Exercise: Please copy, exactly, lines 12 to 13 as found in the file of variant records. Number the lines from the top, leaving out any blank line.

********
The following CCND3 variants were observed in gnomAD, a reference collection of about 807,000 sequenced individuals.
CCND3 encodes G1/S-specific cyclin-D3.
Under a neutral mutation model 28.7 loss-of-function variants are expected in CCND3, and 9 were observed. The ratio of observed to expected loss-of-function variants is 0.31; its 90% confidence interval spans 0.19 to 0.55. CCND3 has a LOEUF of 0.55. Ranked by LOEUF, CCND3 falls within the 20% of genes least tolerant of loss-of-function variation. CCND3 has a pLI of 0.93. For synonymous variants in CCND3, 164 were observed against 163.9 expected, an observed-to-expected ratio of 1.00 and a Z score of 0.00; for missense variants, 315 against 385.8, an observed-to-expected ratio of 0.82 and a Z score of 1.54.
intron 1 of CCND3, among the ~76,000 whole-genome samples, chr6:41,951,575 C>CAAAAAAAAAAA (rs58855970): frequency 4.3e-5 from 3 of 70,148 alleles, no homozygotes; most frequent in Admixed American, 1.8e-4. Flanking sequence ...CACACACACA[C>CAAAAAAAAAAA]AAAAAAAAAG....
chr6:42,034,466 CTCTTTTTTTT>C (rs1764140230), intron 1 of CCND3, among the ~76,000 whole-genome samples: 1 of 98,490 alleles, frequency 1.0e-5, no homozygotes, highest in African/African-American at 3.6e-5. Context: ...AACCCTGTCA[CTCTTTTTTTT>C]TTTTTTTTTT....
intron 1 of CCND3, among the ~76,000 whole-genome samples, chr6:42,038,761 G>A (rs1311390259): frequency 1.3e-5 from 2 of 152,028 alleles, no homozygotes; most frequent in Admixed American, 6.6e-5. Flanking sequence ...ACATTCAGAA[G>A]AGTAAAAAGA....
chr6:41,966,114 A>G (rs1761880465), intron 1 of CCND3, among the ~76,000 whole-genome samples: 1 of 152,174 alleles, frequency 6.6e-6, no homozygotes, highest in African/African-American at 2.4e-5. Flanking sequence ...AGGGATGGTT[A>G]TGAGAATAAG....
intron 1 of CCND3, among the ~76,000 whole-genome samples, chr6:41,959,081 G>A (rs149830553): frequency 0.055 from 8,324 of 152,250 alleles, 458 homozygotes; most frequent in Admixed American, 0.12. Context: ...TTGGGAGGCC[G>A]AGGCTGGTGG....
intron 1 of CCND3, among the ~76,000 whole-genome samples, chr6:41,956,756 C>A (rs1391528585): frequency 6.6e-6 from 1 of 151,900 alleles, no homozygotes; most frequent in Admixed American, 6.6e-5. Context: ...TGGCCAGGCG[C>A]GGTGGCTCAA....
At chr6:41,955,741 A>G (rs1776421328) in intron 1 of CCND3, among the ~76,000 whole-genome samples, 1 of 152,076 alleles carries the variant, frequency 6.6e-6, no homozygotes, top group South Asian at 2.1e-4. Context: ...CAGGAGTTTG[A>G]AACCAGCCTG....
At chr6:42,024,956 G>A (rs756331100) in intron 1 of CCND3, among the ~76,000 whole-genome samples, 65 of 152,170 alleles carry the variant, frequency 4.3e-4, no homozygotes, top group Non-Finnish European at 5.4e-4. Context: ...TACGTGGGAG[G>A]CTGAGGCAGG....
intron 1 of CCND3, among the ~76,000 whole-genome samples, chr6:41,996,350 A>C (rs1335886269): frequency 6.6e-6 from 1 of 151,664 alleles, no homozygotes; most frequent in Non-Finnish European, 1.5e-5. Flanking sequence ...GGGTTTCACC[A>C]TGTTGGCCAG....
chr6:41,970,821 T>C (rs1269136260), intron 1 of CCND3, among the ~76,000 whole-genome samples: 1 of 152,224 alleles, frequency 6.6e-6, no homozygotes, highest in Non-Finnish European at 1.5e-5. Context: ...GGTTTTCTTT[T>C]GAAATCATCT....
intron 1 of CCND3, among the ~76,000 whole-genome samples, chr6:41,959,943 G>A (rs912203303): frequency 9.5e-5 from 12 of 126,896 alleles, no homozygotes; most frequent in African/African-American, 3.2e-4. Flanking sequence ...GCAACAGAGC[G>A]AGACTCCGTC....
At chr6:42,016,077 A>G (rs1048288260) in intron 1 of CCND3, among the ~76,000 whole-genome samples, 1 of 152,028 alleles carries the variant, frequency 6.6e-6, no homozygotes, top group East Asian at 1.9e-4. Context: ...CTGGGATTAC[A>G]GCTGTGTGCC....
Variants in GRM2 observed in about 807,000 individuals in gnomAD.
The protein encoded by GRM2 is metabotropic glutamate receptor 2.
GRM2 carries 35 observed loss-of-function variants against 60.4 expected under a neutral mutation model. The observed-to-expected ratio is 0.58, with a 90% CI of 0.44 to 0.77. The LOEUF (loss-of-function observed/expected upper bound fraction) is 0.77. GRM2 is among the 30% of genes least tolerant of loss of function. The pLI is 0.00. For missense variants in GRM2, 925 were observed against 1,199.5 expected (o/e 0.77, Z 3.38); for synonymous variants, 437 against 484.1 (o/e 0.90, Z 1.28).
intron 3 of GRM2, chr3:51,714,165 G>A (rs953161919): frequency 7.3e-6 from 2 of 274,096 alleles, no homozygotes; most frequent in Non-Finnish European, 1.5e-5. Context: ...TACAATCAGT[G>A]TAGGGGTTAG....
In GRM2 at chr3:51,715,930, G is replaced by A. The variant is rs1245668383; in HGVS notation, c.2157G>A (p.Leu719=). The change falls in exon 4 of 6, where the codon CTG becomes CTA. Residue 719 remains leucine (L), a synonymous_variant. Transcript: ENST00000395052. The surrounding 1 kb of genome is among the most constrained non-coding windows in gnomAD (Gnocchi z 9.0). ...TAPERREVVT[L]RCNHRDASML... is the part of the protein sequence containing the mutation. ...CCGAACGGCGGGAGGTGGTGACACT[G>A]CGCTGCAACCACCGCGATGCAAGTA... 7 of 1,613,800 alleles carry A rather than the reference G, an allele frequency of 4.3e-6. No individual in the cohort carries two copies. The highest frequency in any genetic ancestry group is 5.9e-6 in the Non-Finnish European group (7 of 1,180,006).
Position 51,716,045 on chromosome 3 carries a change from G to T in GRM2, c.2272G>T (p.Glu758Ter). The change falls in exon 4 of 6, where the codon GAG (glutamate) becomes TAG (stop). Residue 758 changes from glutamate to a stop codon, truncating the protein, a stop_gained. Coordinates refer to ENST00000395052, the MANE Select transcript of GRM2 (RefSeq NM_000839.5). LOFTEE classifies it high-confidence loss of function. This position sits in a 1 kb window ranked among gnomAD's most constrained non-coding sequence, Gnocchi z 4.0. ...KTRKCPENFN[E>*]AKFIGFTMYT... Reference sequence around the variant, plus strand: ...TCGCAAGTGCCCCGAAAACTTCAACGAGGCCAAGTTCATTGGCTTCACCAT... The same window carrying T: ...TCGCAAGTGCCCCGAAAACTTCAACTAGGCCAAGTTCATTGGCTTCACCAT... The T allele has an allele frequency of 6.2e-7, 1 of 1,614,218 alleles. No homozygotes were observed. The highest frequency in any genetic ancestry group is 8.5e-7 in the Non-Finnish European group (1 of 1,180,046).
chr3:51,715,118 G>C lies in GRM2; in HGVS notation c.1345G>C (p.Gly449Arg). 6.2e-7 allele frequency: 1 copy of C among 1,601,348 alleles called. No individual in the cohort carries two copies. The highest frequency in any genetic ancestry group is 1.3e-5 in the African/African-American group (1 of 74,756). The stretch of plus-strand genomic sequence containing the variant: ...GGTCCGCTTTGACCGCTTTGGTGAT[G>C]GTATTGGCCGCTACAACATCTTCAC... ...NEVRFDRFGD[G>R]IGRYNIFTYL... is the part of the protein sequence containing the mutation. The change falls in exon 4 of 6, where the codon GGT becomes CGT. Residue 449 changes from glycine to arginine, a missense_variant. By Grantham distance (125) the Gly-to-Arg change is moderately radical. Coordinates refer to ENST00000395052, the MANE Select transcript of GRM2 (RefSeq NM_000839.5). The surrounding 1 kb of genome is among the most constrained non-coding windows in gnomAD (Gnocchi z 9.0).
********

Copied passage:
intron 1 of CCND3, among the ~76,000 whole-genome samples, chr6:41,996,350 A>C (rs1335886269): frequency 6.6e-6 from 1 of 151,664 alleles, no homozygotes; most frequent in Non-Finnish European, 1.5e-5. Flanking sequence ...GGGTTTCACC[A>C]TGTTGGCCAG....
chr6:41,970,821 T>C (rs1269136260), intron 1 of CCND3, among the ~76,000 whole-genome samples: 1 of 152,224 alleles, frequency 6.6e-6, no homozygotes, highest in Non-Finnish European at 1.5e-5. Context: ...GGTTTTCTTT[T>C]GAAATCATCT....